About   |  Books  |  Media

Friday, December 4, 2009

Writing Groups

I was having a discussion today about the pros and cons of writing groups and realized that a lot of people (or at least, a lot of people I was talking to today) are very much opposed to the idea.


Well, the main reason seemed to be that everyone thought their work and ideas were unsafe in a writing group. What I mean is, almost all of the people I was talking to insisted that I was crazy for participating in writing groups because they felt that I was opening myself up to having someone steal my work! Needless to say, none of these people are members of writing groups!

I was truly shocked by the level of passion and conviction that these people (some fellow writers, some not) had regarding the threat of theft within writing groups. (Some also could not see the benefit to having others critique their work...but that's a whole other argument altogether!) But not one of them could cite a concrete example of a writer having their work stolen due to being a member of a writing group.

Now, I 'm quite new to the whole writing group idea. I just recently joined an on-line writing group this fall and am enjoying it (and getting a lot of great feedback). I was welcomed right away and have felt like I'm part of this great writing family. A family that is getting to know my writing quirks. Not once have I felt that my work was in danger of being stolen. In fact, the whole conversation today made me a little uncomfortable...I couldn't imagine my group abusing my trust, or anyone else's for that matter.

And the pros to being in a writing group are very clear to me. 1. I am surrounded by like-minded people who have the same passion for writing as I do. 2. I am getting valuable feedback and fresh eyes to look at my completed projects. 3. I am using my own skills to give feedback and offer my opinions on other writers' work.

On the other hand, I know a few writers who vow never to join a writing group because they feel that it is a waste of their time. They don't feel the need to have others critique their work. At times, I think that too much feedback from too many people can make more work and be less effective, however, I do value the opinions that I am lucky enough to get from my group. And some writers argue that it's too much of a time commitment. This is something that I have struggled with myself actually. Being in a writing group is a time commitment, not only because I need to prepare something for critique but because I need to be available to critique. So when I committed to joining a group, I chose one that was on-line and therefore I can critique when I get a spare minute anytime during the month. It works well for me.

So, I put it to you, are you in a writing group? Do you see the value to participating in this type of group? Do you have any fears or concerns? Do you have any great stories of support?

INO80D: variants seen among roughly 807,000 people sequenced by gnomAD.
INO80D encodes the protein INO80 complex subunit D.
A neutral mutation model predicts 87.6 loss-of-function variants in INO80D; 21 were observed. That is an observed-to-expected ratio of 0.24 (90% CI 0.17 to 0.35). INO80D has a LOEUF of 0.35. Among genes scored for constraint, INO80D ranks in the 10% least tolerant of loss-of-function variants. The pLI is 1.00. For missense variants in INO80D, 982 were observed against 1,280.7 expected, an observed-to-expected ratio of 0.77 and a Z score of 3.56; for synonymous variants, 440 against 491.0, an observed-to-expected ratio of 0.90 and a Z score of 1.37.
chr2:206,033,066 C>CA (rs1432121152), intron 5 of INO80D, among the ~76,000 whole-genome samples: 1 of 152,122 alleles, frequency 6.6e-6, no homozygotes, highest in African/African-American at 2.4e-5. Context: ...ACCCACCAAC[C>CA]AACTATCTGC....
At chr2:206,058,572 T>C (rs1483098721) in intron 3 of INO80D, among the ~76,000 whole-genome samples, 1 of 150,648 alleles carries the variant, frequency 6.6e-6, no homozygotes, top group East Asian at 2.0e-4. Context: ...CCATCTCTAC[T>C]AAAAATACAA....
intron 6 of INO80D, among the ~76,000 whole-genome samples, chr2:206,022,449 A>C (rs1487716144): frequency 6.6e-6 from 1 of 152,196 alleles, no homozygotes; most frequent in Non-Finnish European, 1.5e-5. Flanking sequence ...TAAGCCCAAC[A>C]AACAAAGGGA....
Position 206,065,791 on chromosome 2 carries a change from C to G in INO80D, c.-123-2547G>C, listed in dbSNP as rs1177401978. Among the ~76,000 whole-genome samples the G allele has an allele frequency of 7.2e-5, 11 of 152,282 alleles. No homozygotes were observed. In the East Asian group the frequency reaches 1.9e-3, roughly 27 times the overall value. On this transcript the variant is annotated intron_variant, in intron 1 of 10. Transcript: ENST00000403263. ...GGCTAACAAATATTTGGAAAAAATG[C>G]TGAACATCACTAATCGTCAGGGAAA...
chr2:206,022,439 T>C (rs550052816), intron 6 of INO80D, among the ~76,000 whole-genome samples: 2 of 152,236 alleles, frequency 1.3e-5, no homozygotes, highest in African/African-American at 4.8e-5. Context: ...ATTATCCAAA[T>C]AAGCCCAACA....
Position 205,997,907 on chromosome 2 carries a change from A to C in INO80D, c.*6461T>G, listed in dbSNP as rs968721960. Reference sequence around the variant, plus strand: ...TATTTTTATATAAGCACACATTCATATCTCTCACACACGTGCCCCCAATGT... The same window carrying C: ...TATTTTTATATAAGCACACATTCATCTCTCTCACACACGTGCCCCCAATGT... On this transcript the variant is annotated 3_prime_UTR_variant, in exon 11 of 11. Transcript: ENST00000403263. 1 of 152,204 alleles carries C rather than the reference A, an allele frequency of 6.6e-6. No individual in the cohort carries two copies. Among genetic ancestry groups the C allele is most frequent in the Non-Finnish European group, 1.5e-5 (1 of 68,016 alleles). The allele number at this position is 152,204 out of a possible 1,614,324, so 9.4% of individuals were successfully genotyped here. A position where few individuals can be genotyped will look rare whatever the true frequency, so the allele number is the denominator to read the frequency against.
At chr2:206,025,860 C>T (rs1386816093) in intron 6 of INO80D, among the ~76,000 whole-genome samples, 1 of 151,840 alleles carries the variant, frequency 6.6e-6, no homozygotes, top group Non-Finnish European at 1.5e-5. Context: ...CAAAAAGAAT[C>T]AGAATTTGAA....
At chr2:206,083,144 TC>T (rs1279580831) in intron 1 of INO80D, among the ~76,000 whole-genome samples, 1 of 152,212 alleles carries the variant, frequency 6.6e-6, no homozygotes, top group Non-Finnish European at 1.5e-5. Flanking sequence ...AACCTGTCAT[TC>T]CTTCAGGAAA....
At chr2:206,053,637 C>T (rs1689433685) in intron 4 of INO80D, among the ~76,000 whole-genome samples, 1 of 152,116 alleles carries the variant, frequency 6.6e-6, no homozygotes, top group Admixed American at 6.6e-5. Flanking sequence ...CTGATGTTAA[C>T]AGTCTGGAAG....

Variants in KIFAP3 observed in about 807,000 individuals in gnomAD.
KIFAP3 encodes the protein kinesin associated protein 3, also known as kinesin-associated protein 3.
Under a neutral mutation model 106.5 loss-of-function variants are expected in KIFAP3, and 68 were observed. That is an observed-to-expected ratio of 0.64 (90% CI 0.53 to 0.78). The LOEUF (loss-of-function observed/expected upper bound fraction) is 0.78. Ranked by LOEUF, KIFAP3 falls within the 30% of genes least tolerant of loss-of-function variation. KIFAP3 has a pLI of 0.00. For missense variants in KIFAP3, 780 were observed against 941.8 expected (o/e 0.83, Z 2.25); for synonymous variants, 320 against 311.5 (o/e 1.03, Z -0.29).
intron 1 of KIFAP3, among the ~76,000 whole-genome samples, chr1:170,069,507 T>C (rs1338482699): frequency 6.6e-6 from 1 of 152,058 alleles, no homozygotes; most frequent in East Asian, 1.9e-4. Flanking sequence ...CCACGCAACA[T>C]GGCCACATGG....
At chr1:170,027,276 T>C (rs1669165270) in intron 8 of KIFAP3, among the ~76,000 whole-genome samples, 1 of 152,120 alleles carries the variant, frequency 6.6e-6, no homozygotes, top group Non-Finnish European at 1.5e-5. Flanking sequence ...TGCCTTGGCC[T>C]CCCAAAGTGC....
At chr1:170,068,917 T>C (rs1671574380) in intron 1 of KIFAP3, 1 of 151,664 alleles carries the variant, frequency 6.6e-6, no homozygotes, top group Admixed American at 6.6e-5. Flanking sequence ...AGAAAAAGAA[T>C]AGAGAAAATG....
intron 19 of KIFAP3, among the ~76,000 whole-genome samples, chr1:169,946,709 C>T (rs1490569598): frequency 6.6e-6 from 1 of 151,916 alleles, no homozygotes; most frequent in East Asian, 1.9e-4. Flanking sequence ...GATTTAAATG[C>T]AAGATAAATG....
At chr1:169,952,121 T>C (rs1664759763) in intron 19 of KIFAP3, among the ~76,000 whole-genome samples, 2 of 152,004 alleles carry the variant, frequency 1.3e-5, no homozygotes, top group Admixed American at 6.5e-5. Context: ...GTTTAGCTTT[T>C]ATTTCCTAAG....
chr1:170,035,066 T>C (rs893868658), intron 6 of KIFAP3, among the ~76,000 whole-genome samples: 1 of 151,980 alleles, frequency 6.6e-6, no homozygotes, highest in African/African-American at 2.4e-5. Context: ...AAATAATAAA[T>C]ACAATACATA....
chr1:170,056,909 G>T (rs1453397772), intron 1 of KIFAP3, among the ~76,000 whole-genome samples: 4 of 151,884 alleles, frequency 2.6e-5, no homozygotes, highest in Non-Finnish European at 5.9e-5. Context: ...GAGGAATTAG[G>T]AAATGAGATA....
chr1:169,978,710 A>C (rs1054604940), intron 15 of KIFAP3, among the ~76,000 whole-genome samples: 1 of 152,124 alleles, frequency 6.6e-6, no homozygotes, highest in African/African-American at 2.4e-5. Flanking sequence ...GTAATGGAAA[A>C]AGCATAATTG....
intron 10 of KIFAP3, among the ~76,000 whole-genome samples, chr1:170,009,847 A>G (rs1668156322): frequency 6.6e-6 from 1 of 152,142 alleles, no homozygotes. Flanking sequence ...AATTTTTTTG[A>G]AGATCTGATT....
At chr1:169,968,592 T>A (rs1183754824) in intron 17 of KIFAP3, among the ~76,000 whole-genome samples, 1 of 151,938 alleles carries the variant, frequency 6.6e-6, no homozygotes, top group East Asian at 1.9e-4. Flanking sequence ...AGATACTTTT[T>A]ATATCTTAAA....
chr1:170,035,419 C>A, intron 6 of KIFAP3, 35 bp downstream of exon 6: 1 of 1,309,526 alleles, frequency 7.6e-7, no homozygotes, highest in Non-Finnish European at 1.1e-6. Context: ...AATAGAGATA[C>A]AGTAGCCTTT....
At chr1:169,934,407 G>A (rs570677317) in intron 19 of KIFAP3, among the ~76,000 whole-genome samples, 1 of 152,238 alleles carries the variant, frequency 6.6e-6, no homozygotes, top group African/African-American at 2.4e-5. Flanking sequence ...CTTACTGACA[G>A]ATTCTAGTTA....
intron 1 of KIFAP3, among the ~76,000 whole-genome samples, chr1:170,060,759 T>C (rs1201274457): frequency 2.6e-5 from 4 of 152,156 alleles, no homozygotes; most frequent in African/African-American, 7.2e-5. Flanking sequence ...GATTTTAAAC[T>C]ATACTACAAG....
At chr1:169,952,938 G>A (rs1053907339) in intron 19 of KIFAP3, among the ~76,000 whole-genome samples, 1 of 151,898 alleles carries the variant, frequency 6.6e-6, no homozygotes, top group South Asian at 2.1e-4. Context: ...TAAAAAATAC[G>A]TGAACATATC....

1. I have been in three different writing groups. The OWG was the first. After that I was part of a group sponsored by the local library, and later still three of us from the library group formed our own group. I was never afraid that my work would be stolen, but I was afraid of totally negative critiques, LOL! That didn't happen within any of the groups.

    I've pretty much outgrown the group I was in until October of this year. And, while I'd consider joining another group, there isn't one that fits my needs. Thank goodness I have a friend and fellow writer who will occasionally give me critiques - and very good ones, they are too.

  2. I love my writing group! Until I found my on-line group, I had no one to give me feedback on my writing and feedback is crucial to good writing. As a writer, I'm too close to my story, too inside the story itself, to see any problems that may exist. And, yes, it is a commitment of time. But my fellow members are commiting time to me too. All in all, a very fair exchange and one I wouldn't think of doing without.

  3. I wouldn't be the writer I am today or the one I'll be someday without my writing group. They're gold. Pure gold.

  4. Writing is a tricky thing, it can be created so far in the peace and quiet of the authors mind but if you don't get feedback you won't grow and you'll be left wondering why your work isn't selling or improving.

    Getting the basic's right (or perhaps write) is key to any successful project and whilst Im not saying you can't get there on your own it can take a lot longer to figure out what you do well and where your writing has problems.

    A feedback group will sort a lot of that out pretty quickly and if something is stolen your writing group will generally back you if a law suit is issued.